Neighbors Land, Zoning and Learning

11 Replies

Hi All,

I have a general question and would love anyone's advice on land investing and whom is familiar in zoning requirements.  If anyone from Massachusetts wants to chime in, that would be great too : )

How did anyone here get familiar with land investing, zoning requirements, what to do, how to do it, and what order to do it.  For example, the more and more I research, read, go through case studies the more I realize that the land world is a complete monstrosity.  I might be over thinking it but can someone simplify what they would do in terms of how you would safely go about the following case. (Something I'm looking into right now)

Case: Well priced peace of undevelopable land that does not hit the minimum requirement for a single family use of 6,000 sqft or multi-family use of 8,000 sqft ft per zoning bylaws.

Here are my thoughts and how I would go about it, can someone confirm or let me know how they would do it?

1. Approach abutting land owner and offer to purchase a piece of his land for a certain price to make my 3,500 sqft lot to the minimum of 6,000 sqft.

Question: What are the technicalities of this? How does one "buy" a small piece of land off a neighbor.  I'm assuming you would get a plan drawn out from a surveyor and have them resubmit both parcels to the city for approval?

Additional Question: I do this PRIOR to purchasing the property, right? 

2. What are some potential hurdles you see with this?

I hope this is not a loaded question, just trying to steer my overconfused mind in a simple straight forward direction.



@Kyle Cabral Welcome

I'd get it Under Agreement with conditions then go to neighbors and zoning.

1. Yes

Yes Surveyor and Plan. Buy it then combine it as one lot.


2. Neighbors may not cooperate, Zoning won't allow it??

@Mike Hurney

 Thanks for the insight! When you say, it combines as one lot? What combines as one lot? The assumption I have is the creator of the plans creates two separate lots with specified requirements meeting zoning standards and submits to zoning board.  So hopefully it all goes well, 2 lots 1 for me 1 for the neighbor I bought a bit of his land from.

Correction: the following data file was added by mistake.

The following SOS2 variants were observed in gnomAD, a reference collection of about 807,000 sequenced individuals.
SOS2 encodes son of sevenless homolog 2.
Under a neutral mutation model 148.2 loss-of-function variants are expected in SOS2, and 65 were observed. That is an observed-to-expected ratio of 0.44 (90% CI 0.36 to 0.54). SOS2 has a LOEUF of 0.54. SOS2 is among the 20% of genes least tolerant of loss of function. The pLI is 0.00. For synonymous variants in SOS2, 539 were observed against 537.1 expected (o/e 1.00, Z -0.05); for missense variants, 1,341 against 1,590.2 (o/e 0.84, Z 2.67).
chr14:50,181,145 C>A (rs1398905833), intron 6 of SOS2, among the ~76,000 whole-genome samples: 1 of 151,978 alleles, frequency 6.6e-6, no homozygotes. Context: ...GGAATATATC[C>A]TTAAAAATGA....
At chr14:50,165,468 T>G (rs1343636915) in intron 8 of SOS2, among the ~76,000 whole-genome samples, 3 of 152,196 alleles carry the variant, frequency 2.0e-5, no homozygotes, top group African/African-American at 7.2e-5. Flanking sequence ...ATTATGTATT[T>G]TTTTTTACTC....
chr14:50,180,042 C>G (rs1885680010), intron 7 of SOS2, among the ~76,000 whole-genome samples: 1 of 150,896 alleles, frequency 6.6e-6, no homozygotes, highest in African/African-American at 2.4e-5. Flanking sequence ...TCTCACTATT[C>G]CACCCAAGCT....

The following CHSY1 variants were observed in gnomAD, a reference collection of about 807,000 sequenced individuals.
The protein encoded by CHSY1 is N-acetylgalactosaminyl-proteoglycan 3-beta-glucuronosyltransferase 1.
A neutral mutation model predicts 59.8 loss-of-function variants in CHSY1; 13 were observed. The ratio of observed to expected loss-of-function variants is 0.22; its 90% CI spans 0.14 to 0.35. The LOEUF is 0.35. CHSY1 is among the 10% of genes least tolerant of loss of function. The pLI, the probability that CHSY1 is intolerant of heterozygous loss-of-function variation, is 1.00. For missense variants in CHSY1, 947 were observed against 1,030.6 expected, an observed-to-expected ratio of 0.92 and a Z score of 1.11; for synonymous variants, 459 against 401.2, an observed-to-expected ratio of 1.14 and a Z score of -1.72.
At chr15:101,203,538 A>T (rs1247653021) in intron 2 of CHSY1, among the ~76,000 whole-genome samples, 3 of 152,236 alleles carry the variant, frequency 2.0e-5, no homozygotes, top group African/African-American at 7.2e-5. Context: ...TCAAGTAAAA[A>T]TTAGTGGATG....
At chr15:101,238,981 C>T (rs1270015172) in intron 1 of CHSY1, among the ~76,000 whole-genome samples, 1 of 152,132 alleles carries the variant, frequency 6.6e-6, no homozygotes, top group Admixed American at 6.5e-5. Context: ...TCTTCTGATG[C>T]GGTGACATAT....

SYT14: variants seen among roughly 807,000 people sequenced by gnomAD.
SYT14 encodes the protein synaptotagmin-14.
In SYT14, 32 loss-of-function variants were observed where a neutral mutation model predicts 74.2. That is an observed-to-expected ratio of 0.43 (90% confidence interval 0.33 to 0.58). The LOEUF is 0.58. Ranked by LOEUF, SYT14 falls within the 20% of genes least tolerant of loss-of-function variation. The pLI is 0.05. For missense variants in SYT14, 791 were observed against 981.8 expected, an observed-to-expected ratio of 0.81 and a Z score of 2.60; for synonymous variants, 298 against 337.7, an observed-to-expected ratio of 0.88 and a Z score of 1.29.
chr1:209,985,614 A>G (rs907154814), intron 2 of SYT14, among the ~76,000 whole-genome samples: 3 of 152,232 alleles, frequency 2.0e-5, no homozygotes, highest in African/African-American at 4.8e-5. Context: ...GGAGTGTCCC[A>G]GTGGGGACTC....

Am I thinking of this clearly? Thanks again!

Your new lot is the non conforming and new addition.

Off to Movers and Shakers now.

Hey @Kyle Cabral your biggest hurdle is going to be getting the neighbor to give up some of his land for a house to be built next door. Assuming you are successful and you offer enough money, you will need to have a surveyor figure out how much of his land to take in order to give you adequate frontage, lot width, setbacks, etc... and still leave your neighbor with enough land to be sure his property still conforms to current zoning. Another hurdle you may run into is that many lots were developed so long ago that they pre-date current zoning requirements so your neighbor may not have adequate frontage on his own lot as an example. Since his house was built prior to current zoning regs, he is all set. He can't however, give up land to you and make his property even less conforming. It's very likely that your neighbor enjoys the privacy of not having a neighbor. You could consider bringing him in as a partner if you plan to sell the house you would be building. Come up with a value for the land you need to take from him then figure out the profit you will make when you sell the house and offer him fair value for his land as well as a percentage of the profit. Now he might be more motivated to sell. Just don't spend any money until you at least have a written purchase and sale agreement.